When I was 17, my father died at age 49 and left my stay at home mother to support 7 kids. He left me $10 in the will and I handed it over to my mother. That was two weeks before I started college. Luckily, I had $2300 in that passbook account. In 1967, that was enough money to pay for 2 years of engineering school.

I worked my way through college by doing dishes and mopping floors at a Sorority house where my pay was free meals. I also worked in the EE Lab maintaining the electronic instruments.

When I got my degree in 1972, I graduated on a Friday then drove from Tucson to Santa Clara California over the weekend to start working on that following Monday. My starting pay was $900 per month.

Since then, I've always worked until the dot-com crash forced my company to lay off 36K people by 2009. So I was unemployed for several years. I returned in 2011 primarily because at age 61, I could no longer afford health insurance costs.

Luckily, I had maintained my skills and could deliver results to them immediately. I finally retired in Nov-2015 at age 66.

The moral of the story is that life happens and you must evolve and adapt. I never expected anybody to give me anything.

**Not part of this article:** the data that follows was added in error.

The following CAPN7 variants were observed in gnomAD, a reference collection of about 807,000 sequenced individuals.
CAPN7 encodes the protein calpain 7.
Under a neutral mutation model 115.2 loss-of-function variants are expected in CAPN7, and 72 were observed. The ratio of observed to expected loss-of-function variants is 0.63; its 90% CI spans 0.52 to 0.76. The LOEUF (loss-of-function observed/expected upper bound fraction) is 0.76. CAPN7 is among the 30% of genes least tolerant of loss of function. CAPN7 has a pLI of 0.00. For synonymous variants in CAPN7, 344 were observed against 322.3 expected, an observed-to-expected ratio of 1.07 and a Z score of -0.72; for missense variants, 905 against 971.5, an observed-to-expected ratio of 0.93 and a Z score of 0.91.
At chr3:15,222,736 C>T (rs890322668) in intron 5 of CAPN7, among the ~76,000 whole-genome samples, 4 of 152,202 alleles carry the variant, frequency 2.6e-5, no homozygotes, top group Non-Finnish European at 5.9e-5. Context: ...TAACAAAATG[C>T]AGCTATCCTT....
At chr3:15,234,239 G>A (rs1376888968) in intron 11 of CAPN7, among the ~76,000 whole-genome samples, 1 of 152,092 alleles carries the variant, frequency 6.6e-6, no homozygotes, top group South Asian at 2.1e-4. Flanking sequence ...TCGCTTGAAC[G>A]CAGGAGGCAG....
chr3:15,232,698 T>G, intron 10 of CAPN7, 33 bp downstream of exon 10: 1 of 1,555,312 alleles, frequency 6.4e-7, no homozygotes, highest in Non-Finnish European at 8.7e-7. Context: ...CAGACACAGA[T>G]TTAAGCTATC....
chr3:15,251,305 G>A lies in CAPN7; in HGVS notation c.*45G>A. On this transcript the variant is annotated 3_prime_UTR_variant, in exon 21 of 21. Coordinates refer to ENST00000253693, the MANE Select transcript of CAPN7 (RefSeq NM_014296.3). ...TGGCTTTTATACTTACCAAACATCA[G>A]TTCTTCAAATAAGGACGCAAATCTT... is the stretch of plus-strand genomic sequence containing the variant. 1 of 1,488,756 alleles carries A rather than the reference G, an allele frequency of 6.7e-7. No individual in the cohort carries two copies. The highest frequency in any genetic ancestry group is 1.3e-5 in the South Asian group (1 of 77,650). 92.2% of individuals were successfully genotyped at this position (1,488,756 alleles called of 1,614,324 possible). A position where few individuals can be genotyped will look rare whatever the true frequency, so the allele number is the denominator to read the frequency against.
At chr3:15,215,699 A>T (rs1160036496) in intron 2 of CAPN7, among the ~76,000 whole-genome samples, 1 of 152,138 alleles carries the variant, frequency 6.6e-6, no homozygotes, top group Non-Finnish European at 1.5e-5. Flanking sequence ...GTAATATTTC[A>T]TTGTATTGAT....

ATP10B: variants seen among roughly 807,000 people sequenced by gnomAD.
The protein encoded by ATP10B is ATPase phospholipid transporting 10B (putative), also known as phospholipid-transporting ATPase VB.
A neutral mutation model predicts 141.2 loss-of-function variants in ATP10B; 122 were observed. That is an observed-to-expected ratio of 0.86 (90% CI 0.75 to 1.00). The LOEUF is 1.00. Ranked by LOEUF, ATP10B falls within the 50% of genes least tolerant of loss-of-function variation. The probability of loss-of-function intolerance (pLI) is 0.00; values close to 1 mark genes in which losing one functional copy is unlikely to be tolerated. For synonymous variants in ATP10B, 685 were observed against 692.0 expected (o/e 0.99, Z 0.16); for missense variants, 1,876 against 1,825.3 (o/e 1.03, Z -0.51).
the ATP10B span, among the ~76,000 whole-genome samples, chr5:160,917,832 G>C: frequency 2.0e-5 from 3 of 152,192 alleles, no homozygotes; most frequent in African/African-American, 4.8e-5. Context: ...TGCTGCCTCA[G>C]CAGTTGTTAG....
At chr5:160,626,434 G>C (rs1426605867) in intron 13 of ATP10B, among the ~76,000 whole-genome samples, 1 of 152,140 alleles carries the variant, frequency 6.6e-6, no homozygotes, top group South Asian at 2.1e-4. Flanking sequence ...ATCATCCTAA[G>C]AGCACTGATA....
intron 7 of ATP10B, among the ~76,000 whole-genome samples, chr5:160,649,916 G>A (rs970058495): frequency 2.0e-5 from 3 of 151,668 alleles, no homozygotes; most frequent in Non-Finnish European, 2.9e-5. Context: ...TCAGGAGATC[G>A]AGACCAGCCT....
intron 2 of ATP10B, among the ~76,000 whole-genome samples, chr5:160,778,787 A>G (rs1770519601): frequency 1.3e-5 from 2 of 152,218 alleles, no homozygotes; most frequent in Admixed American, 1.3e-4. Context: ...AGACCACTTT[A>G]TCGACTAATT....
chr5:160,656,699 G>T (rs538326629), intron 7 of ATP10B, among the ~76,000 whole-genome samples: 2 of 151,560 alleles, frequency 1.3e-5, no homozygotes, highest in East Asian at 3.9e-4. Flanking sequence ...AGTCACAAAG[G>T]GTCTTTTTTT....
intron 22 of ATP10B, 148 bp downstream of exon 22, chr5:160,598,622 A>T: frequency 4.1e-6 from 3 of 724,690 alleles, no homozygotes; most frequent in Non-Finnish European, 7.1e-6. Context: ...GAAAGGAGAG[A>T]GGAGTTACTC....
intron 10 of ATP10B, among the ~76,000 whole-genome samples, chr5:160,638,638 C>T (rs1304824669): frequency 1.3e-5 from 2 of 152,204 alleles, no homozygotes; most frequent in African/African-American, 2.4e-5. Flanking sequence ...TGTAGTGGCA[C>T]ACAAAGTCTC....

No worries and no complaints from me.
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Old 01-16-2017, 06:02 AM
 
Location: Pa
166 posts, read 113,091 times
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Got my degree in May 1979, started 1st and only job September 1979, retired June 2015 at 58. I was a fire protection consultant in an insurance company loss prevention department. Started my paper route at age 10, worked in my uncle's gas station (paid and sometimes not paid) until 16 when I got my "working papers". I worked part time jobs through high school and college. So thinking about it I have been working nonstop since age 10. I reviewed my social security work record the other day it had earnings starting in 1973......WOW. Retirement is a wonderful thing I have no desire to go back to work.

Last edited by TLC1957; 01-16-2017 at 07:03 AM..
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Old 01-16-2017, 06:26 AM
 
6,239 posts, read 4,721,373 times
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No, I did not work non-stop after college. Immediately after graduation, the US Army arranged for an all expenses paid vacation to southeast Asia. It came complete with fireworks, a holiday (Tet), plenty of hiking and overnight camping.
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Old 01-16-2017, 06:45 AM